Book binding

Should you take custom orders as a new small product business?

When you start a small business that sells a product, at some point you’ll run into customers who’ll ask you for something that you don’t have off the shelf. Instead, you’ll have to customize an existing product. For eg: Can I get this product in a different color? Can I get this product in a different size? Can I get this product using a different material? These kinds of requests are expected.

Since opening an Etsy shop for my journals, I’ve received a handful of custom order requests – requests for different types of leather covers, different types of paper, different sizes of the journal, etc. As a fledgling shop owner, it is very tempting to say yes to these requests. Each order counts at this stage. It feels like a missed opportunity to say no.

But custom orders come with a lot of hidden complexities that you might not realize upfront:

  1. Will the custom product work and look as good as your existing products? Usually a custom order will require you to change something about your existing products. This essentially means that you’re heading into uncharted territory – the materials might be unfamiliar, the aesthetic might be a bit different. You cannot be sure that the custom product will look or work as well as your existing product line. Unless you’re very experienced, this is worth thinking about.

For eg: Someone recently asked me for a leather journal, but with lined paper instead of blank paper (all my journals use acid free blank paper today, and I’m used to a certain size, that determines the overall aesthetic of my journals). This seemed like a simple enough ask and I said yes. But as I dug into it, I found it hard to find good quality lined paper and what I did find was much more expensive than blank paper. The size was also different from the typical journals I make, thus making the aesthetic quite different, and since journals are a physical product – the final look matters a lot!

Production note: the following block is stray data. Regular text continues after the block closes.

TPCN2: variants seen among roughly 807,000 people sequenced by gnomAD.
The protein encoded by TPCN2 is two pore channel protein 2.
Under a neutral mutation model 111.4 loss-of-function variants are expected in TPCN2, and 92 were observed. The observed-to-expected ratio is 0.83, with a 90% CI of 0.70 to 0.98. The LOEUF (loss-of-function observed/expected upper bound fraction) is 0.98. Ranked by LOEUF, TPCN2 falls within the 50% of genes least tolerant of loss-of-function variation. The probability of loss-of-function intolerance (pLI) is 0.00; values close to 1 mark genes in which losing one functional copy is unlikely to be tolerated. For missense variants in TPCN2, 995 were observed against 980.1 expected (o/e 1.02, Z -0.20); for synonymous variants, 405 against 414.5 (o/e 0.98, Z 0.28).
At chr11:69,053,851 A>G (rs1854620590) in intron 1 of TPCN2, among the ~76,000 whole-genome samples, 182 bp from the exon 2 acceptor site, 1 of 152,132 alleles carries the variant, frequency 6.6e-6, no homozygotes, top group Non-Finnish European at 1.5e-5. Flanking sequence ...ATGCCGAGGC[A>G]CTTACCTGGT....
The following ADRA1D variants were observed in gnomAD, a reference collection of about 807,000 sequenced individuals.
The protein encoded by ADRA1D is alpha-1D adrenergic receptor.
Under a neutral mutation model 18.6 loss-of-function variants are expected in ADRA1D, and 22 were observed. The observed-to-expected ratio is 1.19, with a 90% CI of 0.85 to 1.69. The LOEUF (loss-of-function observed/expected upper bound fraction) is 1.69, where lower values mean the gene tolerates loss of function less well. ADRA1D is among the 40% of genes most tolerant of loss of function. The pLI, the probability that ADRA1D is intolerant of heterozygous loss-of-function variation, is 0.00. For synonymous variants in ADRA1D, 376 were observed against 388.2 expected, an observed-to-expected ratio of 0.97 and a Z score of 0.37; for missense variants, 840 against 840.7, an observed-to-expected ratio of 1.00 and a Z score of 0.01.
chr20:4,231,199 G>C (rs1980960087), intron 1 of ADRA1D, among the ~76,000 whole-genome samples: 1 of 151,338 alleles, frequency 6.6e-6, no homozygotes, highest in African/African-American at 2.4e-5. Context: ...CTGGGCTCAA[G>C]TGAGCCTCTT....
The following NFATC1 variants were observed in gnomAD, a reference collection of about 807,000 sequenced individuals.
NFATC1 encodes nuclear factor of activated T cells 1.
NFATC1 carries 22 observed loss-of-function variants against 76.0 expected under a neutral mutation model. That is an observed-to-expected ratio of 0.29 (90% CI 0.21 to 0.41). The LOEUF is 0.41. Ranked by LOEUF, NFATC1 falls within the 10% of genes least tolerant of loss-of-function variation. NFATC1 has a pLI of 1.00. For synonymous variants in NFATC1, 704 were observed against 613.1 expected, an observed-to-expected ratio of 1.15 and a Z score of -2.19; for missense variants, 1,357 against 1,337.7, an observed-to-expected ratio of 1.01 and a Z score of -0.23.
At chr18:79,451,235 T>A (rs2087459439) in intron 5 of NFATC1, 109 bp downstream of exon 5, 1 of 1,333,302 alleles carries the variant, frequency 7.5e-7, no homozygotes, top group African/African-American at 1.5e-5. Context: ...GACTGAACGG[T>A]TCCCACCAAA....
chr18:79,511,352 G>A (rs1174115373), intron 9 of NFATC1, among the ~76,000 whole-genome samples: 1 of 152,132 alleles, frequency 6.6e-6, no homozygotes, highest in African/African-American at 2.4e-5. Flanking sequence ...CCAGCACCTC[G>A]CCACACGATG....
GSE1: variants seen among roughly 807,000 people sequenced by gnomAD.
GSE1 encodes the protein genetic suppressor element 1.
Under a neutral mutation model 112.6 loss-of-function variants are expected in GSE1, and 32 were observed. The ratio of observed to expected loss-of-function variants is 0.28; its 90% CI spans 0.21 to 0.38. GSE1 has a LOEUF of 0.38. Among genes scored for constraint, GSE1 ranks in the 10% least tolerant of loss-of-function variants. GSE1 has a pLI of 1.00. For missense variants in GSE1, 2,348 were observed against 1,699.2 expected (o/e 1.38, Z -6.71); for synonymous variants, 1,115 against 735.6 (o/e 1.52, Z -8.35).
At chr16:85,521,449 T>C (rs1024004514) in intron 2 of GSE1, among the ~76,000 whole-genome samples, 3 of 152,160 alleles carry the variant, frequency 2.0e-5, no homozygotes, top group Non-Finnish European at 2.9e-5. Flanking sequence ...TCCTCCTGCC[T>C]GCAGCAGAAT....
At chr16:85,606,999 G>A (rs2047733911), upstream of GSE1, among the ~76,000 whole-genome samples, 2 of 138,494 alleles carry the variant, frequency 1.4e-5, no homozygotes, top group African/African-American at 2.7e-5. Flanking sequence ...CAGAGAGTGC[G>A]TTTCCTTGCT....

2. You can typically charge more for custom orders but not that much more. But a custom order will typically require more work for you to fulfill, compared to a typical order. It’s going to be outside your typical workflow, taking much more time and energy than what you might initially estimate. Is the additional amount that you’re charging worth it? And in case you need new materials to fulfill that custom order, you need to consider the cost of those materials also.

3. Unlike your existing products, the customer can’t see what that custom product might look like. And while their intent might be good, they might not like the custom product, if it ends up differing from your current product significantly. That will then lead to more changes/discussions/work. Worst case – a refund or a return.

I think custom orders are good for getting a sense for what people are looking for, and maybe using this info as an additional data point for new products that you can consider offering your customers. However, I’m not sure if it’s worth it to accept any and all custom orders. One exception to this is offering a set of “fixed” customizations, ie, customizations that have been pre-defined and the customer can choose to get them if they like, for an extra charge. Eg: Inscribing initials or a company logo on a journal could be a “fixed” customization that you offer your customers. Both the customer and you know what to expect and there’s no risk in such cases.

But accepting any arbitrary request feels like a bad idea to me. It’s hard to anticipate what’s involved, you’ll need to work more for it, your customer often does not know all the work involved, and you don’t know whether they’ll like the final product or not.

There’s of course no one single right answer to a question like this. And if you’re an experienced business owner, you might have the wisdom to separate the “good” from the “bad” custom orders 🙂 But if you’re reading this and are in a situation as I’ve described above, go in with your eyes open! 🙂

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